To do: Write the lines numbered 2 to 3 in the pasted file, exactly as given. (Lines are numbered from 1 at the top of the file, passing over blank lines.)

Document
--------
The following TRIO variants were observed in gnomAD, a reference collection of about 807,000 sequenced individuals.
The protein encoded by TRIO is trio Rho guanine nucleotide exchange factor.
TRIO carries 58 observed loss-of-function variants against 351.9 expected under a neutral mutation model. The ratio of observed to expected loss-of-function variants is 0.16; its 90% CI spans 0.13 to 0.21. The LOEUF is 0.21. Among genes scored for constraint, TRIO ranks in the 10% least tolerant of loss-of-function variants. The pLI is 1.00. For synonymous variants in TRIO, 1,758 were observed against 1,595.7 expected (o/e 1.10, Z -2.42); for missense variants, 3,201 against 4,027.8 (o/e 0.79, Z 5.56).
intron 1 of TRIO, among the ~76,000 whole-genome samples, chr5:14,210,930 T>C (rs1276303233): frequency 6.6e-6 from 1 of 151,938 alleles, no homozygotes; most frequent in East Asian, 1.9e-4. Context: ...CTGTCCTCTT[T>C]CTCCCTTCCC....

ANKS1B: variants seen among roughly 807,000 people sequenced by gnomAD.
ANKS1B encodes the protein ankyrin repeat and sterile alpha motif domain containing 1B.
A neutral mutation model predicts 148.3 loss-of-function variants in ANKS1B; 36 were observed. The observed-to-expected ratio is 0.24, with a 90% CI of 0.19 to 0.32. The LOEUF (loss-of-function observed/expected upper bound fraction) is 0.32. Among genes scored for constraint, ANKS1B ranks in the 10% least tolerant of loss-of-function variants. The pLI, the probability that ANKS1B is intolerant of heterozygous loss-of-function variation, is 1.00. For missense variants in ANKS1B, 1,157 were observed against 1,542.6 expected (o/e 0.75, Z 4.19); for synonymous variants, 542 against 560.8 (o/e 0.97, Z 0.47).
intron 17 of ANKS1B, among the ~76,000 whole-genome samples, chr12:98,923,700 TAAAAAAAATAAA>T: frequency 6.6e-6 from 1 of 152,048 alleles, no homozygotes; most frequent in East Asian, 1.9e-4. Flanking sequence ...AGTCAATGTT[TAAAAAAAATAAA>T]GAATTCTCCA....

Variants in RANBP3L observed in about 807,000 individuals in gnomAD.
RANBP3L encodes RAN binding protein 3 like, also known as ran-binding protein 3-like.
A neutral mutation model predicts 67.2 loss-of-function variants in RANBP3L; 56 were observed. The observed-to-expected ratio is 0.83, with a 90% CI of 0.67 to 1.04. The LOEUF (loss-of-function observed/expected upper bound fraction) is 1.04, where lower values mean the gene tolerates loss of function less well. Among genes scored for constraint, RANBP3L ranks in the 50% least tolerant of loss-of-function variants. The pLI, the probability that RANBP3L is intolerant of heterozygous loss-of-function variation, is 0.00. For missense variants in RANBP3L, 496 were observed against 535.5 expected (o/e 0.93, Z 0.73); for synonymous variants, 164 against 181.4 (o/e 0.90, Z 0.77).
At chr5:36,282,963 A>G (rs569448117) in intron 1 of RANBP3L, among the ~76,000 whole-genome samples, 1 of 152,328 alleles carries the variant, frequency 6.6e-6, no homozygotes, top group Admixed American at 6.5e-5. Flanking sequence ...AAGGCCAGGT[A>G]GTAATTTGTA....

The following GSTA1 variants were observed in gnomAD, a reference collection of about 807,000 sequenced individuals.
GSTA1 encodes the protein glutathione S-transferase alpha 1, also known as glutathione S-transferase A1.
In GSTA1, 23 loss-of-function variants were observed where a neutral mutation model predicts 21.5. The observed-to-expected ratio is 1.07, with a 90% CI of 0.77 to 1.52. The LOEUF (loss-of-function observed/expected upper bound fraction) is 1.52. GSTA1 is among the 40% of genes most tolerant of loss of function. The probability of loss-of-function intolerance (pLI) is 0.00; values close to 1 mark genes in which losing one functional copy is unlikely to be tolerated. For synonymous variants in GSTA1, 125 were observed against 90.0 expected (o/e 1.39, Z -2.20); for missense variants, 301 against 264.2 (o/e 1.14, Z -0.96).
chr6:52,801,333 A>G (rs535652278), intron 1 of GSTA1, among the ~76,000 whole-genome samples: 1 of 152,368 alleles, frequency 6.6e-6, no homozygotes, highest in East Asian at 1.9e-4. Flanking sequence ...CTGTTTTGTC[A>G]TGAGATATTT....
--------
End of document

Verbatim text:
The protein encoded by TRIO is trio Rho guanine nucleotide exchange factor.
TRIO carries 58 observed loss-of-function variants against 351.9 expected under a neutral mutation model. The ratio of observed to expected loss-of-function variants is 0.16; its 90% CI spans 0.13 to 0.21. The LOEUF is 0.21. Among genes scored for constraint, TRIO ranks in the 10% least tolerant of loss-of-function variants. The pLI is 1.00. For synonymous variants in TRIO, 1,758 were observed against 1,595.7 expected (o/e 1.10, Z -2.42); for missense variants, 3,201 against 4,027.8 (o/e 0.79, Z 5.56).